But now what? She was left all alone. Her book in hand, and another out in space, but no one to help her share them with the universe.
”…I’m prepared to do my own marketing… Mainly because of the messages it has to offer. But I also have the support and backing of so many people I’ve published my work with and attended conferences with, who also believe in me and what I write about”, Caylie Jeffery advised.
So, with these uplifting words, and a newfound boost in her step, the little lady found a shooting star to jump aboard, and went racing across the atmosphere.
She visited this planet and bounded to that,
Shouting out loud from the star on which she sat.
She joined stars with other authors that she knew,
And invited the whole galaxy to a fancy Book ‘Do’!
Boy! That was tiring, but well worth the work,
The gold sparkles fell down from the sky,
Quite often, with high profits, that was the good perk!
But sure enough, the little lady eventually started to lose heart. Fewer people in the galaxy wanted to ride the shooting star with her, and nobody invited her to share her book at Book Fairs and stores back down on Earth.
And what’s more, the galaxy became a cold and surly place. Space rocks started pelting down on the books that stank like rotten eggs. Then suddenly, out of nowhere, one huge space rock came plummeting right towards the little lady, and hit her square between the eyes…
So, readers… Whilst these tales obviously depict my personal hopes, dreams and fears, there are many home truths about the book publishing world(s) that I will make clear in the following tables (in case my stories made absolutely no sense whatsoever).
l Distribution and exposure is very broad, locally and internationally.
l Experienced editors provide valuable and constructive feedback.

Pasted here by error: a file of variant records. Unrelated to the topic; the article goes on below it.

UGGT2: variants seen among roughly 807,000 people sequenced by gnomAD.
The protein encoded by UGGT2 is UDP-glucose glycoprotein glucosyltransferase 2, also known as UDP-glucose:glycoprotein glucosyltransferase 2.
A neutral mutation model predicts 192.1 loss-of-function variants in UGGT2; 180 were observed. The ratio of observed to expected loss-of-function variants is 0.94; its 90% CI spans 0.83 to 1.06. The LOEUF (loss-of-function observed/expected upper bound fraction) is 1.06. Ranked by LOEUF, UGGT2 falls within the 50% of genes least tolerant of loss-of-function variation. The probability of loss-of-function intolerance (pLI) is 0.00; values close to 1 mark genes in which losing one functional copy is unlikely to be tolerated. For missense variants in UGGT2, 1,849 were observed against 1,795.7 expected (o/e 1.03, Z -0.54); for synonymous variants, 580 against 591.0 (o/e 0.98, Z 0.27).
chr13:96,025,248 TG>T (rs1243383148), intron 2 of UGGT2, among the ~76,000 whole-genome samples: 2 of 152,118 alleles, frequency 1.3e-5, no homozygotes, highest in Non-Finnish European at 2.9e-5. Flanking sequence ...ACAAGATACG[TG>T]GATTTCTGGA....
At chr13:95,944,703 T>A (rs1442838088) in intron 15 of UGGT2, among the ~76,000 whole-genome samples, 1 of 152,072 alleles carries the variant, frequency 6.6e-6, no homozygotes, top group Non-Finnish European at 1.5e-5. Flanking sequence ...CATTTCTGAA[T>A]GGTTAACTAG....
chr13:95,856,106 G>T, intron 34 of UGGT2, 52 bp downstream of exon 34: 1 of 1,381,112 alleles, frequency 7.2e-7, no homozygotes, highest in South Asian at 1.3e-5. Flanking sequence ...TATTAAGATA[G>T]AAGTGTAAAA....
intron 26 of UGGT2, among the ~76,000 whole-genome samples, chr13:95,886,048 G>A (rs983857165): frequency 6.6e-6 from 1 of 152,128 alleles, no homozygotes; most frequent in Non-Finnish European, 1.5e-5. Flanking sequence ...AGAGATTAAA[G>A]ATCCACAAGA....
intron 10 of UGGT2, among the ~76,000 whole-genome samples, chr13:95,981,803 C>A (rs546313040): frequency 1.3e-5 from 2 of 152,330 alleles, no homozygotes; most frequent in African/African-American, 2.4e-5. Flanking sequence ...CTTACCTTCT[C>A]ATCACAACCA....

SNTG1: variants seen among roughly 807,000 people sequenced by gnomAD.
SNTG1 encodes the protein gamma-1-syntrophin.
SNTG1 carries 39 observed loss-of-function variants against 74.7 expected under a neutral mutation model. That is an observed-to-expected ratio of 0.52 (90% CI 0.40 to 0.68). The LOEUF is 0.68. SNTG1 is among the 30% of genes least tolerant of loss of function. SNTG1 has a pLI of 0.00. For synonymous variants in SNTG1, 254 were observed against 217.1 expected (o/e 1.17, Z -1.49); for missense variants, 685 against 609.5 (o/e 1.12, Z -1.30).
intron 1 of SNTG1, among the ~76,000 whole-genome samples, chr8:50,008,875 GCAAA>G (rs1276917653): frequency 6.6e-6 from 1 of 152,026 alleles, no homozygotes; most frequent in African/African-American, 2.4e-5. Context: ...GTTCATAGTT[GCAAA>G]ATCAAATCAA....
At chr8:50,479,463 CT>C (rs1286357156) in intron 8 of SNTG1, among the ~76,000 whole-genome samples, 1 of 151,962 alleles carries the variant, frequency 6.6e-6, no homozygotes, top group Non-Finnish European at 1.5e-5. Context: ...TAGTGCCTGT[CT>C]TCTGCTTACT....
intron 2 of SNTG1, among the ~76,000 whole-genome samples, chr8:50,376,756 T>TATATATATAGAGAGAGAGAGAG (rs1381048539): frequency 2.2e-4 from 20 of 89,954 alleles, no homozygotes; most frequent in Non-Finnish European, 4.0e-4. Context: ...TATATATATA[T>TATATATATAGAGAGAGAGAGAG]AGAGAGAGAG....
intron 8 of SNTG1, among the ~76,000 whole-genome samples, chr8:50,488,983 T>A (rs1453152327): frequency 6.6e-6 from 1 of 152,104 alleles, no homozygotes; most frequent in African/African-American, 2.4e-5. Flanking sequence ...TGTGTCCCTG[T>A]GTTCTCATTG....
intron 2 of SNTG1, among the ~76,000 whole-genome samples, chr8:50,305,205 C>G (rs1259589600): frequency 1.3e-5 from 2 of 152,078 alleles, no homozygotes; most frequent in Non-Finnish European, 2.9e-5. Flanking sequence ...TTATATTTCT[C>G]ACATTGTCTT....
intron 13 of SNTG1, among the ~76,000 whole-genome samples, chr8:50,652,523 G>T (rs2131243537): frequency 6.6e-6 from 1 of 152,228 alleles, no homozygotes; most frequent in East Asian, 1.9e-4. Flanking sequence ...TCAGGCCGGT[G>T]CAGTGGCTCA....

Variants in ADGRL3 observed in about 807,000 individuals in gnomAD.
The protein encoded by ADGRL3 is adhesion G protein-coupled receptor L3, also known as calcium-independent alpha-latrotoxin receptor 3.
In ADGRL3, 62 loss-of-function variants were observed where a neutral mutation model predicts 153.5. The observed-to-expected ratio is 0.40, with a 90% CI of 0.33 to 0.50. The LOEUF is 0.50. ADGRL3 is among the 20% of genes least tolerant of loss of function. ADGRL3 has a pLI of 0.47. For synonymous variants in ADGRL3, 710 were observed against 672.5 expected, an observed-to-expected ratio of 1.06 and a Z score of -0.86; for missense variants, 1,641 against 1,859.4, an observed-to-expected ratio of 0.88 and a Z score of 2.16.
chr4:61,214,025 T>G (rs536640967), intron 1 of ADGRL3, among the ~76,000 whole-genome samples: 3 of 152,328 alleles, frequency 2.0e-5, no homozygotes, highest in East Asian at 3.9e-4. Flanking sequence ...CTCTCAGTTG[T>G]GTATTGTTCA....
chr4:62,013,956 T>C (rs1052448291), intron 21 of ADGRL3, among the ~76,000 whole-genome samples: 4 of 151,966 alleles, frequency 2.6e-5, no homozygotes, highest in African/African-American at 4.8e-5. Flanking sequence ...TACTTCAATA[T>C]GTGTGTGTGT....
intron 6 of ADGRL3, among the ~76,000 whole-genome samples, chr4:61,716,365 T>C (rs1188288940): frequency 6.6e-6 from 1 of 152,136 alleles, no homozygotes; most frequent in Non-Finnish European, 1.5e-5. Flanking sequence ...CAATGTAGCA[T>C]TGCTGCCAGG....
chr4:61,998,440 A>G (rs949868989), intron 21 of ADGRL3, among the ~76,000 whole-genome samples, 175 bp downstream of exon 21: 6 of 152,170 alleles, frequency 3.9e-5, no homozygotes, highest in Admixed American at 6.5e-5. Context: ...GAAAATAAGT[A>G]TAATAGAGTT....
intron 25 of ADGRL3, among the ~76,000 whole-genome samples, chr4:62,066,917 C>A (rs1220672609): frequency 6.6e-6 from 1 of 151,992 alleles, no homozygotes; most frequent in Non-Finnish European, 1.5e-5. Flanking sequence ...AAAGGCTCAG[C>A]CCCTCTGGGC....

l Publishing house will cover formatting, illustrations and cover art for you.
l They have huge marketing power and support authors in their marketing efforts.
l Most will give you a large advance upon signing the contract.
l Invited to book launches, Book Fairs and other events to promote your book.
l Slow process from submission to publication- can take upto 18 months.
l Authors don’t get to make many decisions regarding their book.
l They usually control choice of title and cover art.
l Some are ineffective at marketing so authors need to promote themselves.
l Royalties paid twice per year, rates are low, between 6% and 25%. That’s upto 99c per book sold.
l Short lived – books removed from bookstores within weeks if not selling.
l Print On Demand and design services are available.
l Publication is almost immediate – fast turnaround time to produce.
l Authors make decisions and changes as needed, ability to control artwork, price, cover, title.
l You can write and publish whatever, whenever you want!
l Royalty rates are high – 50% – 85%.
l No financial risk to publish ebooks.
l Hired editors are not as experienced as those working at traditional publishing houses.
l Authors need to do all the marketing themselves. Reduced potential sales avenues – bookstores and Fairs hard to get into.
l Authors need to pay for editing, formatting, graphics and book production.
l Bad reputation as more potential for shockingly written books to be published.
l Fewer sales.
l Upfront fees are high when printing your own book. Lots of leftovers if you can’t sell!
Now to make a decision. To Traditionally Publish or to Self Publish? There is no definate answer. Each avenue has its’ highs and lows. Maybe just try both!
But this is what I do know:
BELIEVE in yourself and your work.
KEEP persisting and growing and learning.
Put YOURSELF out there, meet others, share your ideas.
KNOW what you want to achieve.
KNOW what your marketing plan will be.
KNOW what other similar books / authors are doing.
BE responsible for YOU!
l Interview with Aleesah Darlison, author of ”Little Meerkat” and ”Puggle’s Problem”.
l Interview with Caylie Jeffery, author of ”Bedtime Stories for Busy Mothers”.
l Keith Martin Smith, article: ”Self Publishing versus Traditional Publishing: An author guide”.
To support me, the author, in my quest to publish my own children’s books, and to join in a community of writers, teachers and parents, please visit my Facebook page:
With Kind Regards,